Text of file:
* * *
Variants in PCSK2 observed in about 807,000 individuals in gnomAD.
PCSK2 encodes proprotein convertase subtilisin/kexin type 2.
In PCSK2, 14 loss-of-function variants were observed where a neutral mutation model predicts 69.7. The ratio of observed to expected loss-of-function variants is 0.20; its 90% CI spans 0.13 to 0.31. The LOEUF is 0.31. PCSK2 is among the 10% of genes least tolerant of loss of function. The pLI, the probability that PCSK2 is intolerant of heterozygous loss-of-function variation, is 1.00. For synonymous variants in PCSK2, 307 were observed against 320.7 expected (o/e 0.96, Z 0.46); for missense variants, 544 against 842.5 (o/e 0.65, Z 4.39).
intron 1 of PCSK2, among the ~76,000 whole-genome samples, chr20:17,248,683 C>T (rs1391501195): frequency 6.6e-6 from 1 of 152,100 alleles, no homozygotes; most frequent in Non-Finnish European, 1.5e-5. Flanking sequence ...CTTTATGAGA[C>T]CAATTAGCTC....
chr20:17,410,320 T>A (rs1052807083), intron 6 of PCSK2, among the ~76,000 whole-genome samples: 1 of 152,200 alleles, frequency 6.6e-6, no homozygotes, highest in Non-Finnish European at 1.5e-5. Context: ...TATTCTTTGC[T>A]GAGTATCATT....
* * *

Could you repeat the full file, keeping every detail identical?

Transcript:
Variants in PCSK2 observed in about 807,000 individuals in gnomAD.
PCSK2 encodes proprotein convertase subtilisin/kexin type 2.
In PCSK2, 14 loss-of-function variants were observed where a neutral mutation model predicts 69.7. The ratio of observed to expected loss-of-function variants is 0.20; its 90% CI spans 0.13 to 0.31. The LOEUF is 0.31. PCSK2 is among the 10% of genes least tolerant of loss of function. The pLI, the probability that PCSK2 is intolerant of heterozygous loss-of-function variation, is 1.00. For synonymous variants in PCSK2, 307 were observed against 320.7 expected (o/e 0.96, Z 0.46); for missense variants, 544 against 842.5 (o/e 0.65, Z 4.39).
intron 1 of PCSK2, among the ~76,000 whole-genome samples, chr20:17,248,683 C>T (rs1391501195): frequency 6.6e-6 from 1 of 152,100 alleles, no homozygotes; most frequent in Non-Finnish European, 1.5e-5. Flanking sequence ...CTTTATGAGA[C>T]CAATTAGCTC....
chr20:17,410,320 T>A (rs1052807083), intron 6 of PCSK2, among the ~76,000 whole-genome samples: 1 of 152,200 alleles, frequency 6.6e-6, no homozygotes, highest in Non-Finnish European at 1.5e-5. Context: ...TATTCTTTGC[T>A]GAGTATCATT....